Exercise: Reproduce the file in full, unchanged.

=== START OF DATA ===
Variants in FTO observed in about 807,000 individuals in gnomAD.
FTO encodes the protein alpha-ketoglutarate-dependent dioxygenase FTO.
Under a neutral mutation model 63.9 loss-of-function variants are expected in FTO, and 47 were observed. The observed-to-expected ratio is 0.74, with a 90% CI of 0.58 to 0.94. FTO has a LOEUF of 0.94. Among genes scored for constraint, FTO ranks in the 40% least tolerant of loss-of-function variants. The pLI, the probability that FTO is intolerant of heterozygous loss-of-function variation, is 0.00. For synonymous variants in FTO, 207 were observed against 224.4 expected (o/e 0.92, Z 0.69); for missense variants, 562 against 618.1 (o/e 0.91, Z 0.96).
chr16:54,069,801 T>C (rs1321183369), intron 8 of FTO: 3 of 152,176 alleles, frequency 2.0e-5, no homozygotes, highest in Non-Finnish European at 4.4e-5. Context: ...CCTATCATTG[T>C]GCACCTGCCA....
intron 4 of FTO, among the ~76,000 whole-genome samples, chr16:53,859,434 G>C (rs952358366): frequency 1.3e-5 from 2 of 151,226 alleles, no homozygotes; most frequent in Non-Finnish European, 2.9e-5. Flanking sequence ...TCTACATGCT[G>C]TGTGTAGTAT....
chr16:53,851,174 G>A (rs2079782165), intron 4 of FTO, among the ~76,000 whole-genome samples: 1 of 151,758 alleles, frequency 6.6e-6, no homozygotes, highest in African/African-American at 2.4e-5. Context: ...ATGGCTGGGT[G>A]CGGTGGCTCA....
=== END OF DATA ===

Variants in FTO observed in about 807,000 individuals in gnomAD.
FTO encodes the protein alpha-ketoglutarate-dependent dioxygenase FTO.
Under a neutral mutation model 63.9 loss-of-function variants are expected in FTO, and 47 were observed. The observed-to-expected ratio is 0.74, with a 90% CI of 0.58 to 0.94. FTO has a LOEUF of 0.94. Among genes scored for constraint, FTO ranks in the 40% least tolerant of loss-of-function variants. The pLI, the probability that FTO is intolerant of heterozygous loss-of-function variation, is 0.00. For synonymous variants in FTO, 207 were observed against 224.4 expected (o/e 0.92, Z 0.69); for missense variants, 562 against 618.1 (o/e 0.91, Z 0.96).
chr16:54,069,801 T>C (rs1321183369), intron 8 of FTO: 3 of 152,176 alleles, frequency 2.0e-5, no homozygotes, highest in Non-Finnish European at 4.4e-5. Context: ...CCTATCATTG[T>C]GCACCTGCCA....
intron 4 of FTO, among the ~76,000 whole-genome samples, chr16:53,859,434 G>C (rs952358366): frequency 1.3e-5 from 2 of 151,226 alleles, no homozygotes; most frequent in Non-Finnish European, 2.9e-5. Flanking sequence ...TCTACATGCT[G>C]TGTGTAGTAT....
chr16:53,851,174 G>A (rs2079782165), intron 4 of FTO, among the ~76,000 whole-genome samples: 1 of 151,758 alleles, frequency 6.6e-6, no homozygotes, highest in African/African-American at 2.4e-5. Context: ...ATGGCTGGGT[G>A]CGGTGGCTCA....